Although much less formal in appearance, roses can make colourful flowering screens. The tall-growing, pink-flowered ‘Queen Elizabeth’ (a modernsometimes grouped with the floribundas) is often used for this purpose, but the older stems can look rather gaunt; another suitable modern shrub variety is ‘Heidelberg’, with bright red flowers. Much better are the hybrid musk roses, such as the creamy-salmon ‘Penelope’ and the coppery- ‘Cornelia’. Both are well scented, bloom throughout the summer, and make a hedge 1.2-1.5 m (4-5 ft) high, but you must allow at the very least 1m (3-1/4ft) of space for their width. The site must also be sunny if they are to flower well.
There are many other flowering shrubs that can be used to make informal hedges if you have sufficient room to allow them to develop. Unfortunately, however, space is so often at a premium in modern gardens. As a last resort you can contrive a screen from chestnut paling or chain-link fencing through which the shoots of ivy, honeysuckle, or some other climber are trained. Done with care so that the base is properly filled in, it can be remarkably attractive and certainly does not take up much lateral space, although of course the plants’ roots will project out into the soil on either side.
Always strongest at the top and so there is a tendency for a hedge to bulge out at the top between clippings. It is much better if the sides are clipped so that they slope inwards slightly towards the top, giving the hedge an ‘A’ shape when viewed end on. This ensures that the base gets a fair share of light and so remains green and healthy.
All too often established hedges receive no attention other than necessary clipping in summer. Many of them would be better if any rubbish were cleared away from their bases in the autumn and a scattering of bonemeal scratched into the soil around them. On poor anda tired hedge often responds well to an annual, early spring dressing of general fertiliser and a 50 mm (2 in) layer of rotted manure, garden compost, or peat laced with bone meal, spread over a strip of soil at least 450 mm (18 in) wide over the root area on both sides. Apart from providing some plant food such a helps conserve soil moisture during the dry summer months.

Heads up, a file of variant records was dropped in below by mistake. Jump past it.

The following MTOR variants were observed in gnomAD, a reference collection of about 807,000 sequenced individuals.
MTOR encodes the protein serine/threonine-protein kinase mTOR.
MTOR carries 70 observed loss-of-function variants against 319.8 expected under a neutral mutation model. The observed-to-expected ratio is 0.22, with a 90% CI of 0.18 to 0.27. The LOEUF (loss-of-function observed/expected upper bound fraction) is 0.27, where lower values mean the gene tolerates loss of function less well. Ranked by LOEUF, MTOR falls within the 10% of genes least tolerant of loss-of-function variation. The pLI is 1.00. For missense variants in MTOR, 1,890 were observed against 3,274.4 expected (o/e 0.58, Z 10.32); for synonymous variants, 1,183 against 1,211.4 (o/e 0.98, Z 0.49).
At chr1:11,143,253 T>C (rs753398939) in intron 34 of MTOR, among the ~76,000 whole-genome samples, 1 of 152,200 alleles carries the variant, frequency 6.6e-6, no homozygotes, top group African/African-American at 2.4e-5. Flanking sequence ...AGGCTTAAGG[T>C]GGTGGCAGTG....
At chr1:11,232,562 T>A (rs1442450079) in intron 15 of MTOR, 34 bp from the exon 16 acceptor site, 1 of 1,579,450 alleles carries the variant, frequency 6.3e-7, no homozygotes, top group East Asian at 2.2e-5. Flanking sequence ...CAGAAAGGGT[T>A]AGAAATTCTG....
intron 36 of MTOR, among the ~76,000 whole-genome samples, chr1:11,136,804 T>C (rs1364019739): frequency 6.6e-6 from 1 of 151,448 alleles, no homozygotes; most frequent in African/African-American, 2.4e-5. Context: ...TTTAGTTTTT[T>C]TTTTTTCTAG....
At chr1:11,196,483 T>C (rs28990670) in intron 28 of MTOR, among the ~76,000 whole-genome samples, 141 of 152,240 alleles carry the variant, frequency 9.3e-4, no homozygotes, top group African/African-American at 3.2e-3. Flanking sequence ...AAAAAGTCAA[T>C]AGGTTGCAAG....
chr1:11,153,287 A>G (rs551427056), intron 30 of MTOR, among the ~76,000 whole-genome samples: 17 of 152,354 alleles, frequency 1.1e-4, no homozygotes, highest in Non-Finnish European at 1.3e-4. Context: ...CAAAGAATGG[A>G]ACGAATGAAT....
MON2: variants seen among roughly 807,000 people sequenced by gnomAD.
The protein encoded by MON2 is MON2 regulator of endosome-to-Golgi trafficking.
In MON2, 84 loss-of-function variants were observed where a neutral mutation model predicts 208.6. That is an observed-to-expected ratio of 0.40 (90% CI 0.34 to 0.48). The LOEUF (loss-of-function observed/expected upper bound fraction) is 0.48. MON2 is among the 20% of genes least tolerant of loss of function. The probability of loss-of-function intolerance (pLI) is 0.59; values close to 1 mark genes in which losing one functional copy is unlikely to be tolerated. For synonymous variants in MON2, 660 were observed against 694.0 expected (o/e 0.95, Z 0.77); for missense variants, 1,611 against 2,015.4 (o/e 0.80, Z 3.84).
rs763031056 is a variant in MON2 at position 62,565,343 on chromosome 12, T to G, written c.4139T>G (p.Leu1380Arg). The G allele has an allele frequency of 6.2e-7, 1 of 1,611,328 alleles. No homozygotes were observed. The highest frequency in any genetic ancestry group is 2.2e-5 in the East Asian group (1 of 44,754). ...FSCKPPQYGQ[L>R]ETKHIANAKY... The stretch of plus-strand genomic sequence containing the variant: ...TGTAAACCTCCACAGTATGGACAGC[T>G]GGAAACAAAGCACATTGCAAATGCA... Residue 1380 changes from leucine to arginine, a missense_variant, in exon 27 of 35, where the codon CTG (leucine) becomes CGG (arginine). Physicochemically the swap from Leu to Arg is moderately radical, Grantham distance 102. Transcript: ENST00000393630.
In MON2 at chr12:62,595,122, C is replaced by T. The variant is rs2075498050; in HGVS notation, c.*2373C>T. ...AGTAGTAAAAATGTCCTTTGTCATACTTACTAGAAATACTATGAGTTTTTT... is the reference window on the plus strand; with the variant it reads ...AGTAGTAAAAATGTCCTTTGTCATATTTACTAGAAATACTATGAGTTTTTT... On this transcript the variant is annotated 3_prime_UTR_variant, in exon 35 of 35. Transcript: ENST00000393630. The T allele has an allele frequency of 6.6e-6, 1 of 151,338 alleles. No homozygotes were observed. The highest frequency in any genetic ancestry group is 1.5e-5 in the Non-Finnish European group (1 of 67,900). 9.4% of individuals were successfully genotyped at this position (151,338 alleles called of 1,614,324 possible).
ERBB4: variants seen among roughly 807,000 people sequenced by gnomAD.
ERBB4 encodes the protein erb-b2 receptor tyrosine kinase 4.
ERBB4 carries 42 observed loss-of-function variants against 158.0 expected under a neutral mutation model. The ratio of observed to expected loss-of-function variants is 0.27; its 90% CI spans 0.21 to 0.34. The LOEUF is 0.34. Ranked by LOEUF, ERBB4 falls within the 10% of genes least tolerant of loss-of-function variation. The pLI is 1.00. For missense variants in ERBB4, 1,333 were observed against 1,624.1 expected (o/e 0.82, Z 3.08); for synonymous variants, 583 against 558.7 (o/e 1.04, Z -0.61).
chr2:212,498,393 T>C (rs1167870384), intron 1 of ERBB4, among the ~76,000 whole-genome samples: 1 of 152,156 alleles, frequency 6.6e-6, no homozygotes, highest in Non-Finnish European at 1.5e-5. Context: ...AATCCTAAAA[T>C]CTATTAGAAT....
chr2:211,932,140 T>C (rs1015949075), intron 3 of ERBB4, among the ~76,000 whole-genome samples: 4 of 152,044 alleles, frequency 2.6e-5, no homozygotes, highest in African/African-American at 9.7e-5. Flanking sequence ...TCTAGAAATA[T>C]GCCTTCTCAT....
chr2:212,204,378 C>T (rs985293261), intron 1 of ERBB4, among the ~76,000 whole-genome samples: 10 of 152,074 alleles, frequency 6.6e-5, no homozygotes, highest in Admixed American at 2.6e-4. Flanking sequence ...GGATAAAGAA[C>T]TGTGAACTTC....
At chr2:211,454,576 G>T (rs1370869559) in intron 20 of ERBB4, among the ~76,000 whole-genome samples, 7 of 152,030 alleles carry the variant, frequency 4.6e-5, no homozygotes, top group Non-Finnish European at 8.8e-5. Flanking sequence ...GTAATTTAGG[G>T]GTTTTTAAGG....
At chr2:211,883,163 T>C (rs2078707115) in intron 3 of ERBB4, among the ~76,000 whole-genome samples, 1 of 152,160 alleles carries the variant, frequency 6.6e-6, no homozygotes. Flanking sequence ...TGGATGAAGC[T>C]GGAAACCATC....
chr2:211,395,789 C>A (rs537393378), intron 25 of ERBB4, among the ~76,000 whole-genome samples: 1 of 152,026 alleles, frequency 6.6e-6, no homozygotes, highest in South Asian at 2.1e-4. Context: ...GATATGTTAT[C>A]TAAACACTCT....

It is essential to curb your impatience for height and to trim plants such as privet, laurel, and Lonicera nitida regularly during their first full season of growth and thereafter. This is the only way to gain a sound foundation of shoots at the base. If they are allowed to rush straight up without this attention the bottom of the hedge will always be weak and gappy. It is also imperative to destroy weeds to prevent them from smothering the low growth, since this will seriously weaken it and may cause the basal shoots to die out.
The tendency for old hedges to become bare or gappy at the bottom may also be due to letting the top growth overhang the base. Although most people aim for straight, vertical sides when clipping a hedge, growth is always strongest at the top and so there is a tendency for a hedge to bulge out at the top between clippings. It is much better if the sides are clipped so that they slope inwards slightly towards the top, giving the hedge an ‘A’ shape when viewed end on. This ensures that the base gets a fair share of light and so remains green and healthy.
All too often established hedges receive no attention other than necessary clipping in summer. Many of them would be better if any rubbish were cleared away from their bases in the autumn and a scattering of bonemeal scratched into the soil around them. On poor and sandy soils a tired hedge often responds well to an annual, early spring dressing of general fertiliser and a 50 mm (2 in) layer of rotted manure, garden compost, or peat laced with bone meal, spread over a strip of soil at least 450 mm (18 in) wide over the root area on both sides. Apart from providing some plant food such a mulch helps conserve soil moisture during the dry summer months.